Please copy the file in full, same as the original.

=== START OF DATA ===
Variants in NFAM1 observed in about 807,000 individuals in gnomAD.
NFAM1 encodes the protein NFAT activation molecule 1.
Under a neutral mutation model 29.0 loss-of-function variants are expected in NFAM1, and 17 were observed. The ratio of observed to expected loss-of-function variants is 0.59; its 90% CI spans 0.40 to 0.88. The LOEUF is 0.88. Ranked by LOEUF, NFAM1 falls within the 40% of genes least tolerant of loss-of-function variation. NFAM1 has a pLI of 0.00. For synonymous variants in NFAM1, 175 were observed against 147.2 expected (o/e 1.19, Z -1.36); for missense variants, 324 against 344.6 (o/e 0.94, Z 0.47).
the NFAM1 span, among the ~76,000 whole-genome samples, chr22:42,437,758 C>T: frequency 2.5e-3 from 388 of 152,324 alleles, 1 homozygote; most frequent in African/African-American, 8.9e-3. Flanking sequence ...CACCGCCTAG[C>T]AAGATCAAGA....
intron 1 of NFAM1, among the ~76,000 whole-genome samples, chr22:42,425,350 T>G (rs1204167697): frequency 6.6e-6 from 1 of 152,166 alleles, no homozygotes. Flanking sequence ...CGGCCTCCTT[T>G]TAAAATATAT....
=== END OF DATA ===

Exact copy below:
Variants in NFAM1 observed in about 807,000 individuals in gnomAD.
NFAM1 encodes the protein NFAT activation molecule 1.
Under a neutral mutation model 29.0 loss-of-function variants are expected in NFAM1, and 17 were observed. The ratio of observed to expected loss-of-function variants is 0.59; its 90% CI spans 0.40 to 0.88. The LOEUF is 0.88. Ranked by LOEUF, NFAM1 falls within the 40% of genes least tolerant of loss-of-function variation. NFAM1 has a pLI of 0.00. For synonymous variants in NFAM1, 175 were observed against 147.2 expected (o/e 1.19, Z -1.36); for missense variants, 324 against 344.6 (o/e 0.94, Z 0.47).
the NFAM1 span, among the ~76,000 whole-genome samples, chr22:42,437,758 C>T: frequency 2.5e-3 from 388 of 152,324 alleles, 1 homozygote; most frequent in African/African-American, 8.9e-3. Flanking sequence ...CACCGCCTAG[C>T]AAGATCAAGA....
intron 1 of NFAM1, among the ~76,000 whole-genome samples, chr22:42,425,350 T>G (rs1204167697): frequency 6.6e-6 from 1 of 152,166 alleles, no homozygotes. Flanking sequence ...CGGCCTCCTT[T>G]TAAAATATAT....